What's the difference between financially inadequate and financially adequate? If you're Maxwell Shoe (NASDAQ:MAXS), the answer appears to be right about $11 million. That's the amount that separated a June 7 "no" from a June 18 "yes" with regard to Jones Apparel's (NYSE:JNY) unsolicited offer to buy the company. On Friday the companies ended nearly three months of bickering and sealed the deal.

The nitty-gritty of the deal is this: Maxwell agreed to sell to Jones for $23.25 per share in cash, valuing Maxwell at about $346 million. With about 14.8 million shares outstanding as of Maxwell's last quarterly filing, that's roughly $50 million more than Jones first proposed in February.

Now that the public drama appears to be over, market watchers are back to discussing the reasons Jones wanted Maxwell in the first place. They still make sense. First off, Maxwell is profitable, growing, and cash flow positive. Jones is decidedly acquisitive. Sounds like a match. Second, Jones owns the AK Anne Klein brand, licensing it to Maxwell for footwear while it handles apparel in-house. Now the whole brand is under one roof.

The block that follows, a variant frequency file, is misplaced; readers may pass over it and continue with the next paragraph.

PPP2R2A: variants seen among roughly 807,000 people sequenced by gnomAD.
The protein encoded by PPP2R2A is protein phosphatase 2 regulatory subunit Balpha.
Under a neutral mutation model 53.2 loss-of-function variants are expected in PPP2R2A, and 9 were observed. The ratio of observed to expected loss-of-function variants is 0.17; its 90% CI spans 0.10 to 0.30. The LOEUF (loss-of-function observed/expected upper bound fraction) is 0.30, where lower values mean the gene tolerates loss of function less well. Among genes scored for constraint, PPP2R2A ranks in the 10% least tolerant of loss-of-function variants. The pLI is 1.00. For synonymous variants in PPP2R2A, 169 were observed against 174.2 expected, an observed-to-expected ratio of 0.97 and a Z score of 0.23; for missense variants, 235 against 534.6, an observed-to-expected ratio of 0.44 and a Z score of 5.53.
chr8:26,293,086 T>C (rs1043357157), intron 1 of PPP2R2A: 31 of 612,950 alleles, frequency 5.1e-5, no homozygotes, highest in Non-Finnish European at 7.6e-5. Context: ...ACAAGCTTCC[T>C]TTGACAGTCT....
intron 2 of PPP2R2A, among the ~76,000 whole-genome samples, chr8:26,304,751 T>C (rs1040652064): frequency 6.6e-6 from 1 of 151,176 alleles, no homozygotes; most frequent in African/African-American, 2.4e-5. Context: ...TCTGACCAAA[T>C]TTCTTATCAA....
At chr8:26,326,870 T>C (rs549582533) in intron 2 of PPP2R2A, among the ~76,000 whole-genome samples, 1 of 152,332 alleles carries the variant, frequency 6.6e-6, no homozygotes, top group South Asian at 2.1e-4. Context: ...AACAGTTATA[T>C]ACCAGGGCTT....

In the end, this looks like a situation where just about everybody wins. The companies are better positioned than they were before. Investors in both companies can relax -- and both stocks are higher than when all this started back in February, suggesting approval on both sides. And readers... well, readers don't have to read about this anymore.

Fool contributor Dave Marino-Nachison doesn't own any of the companies in this story.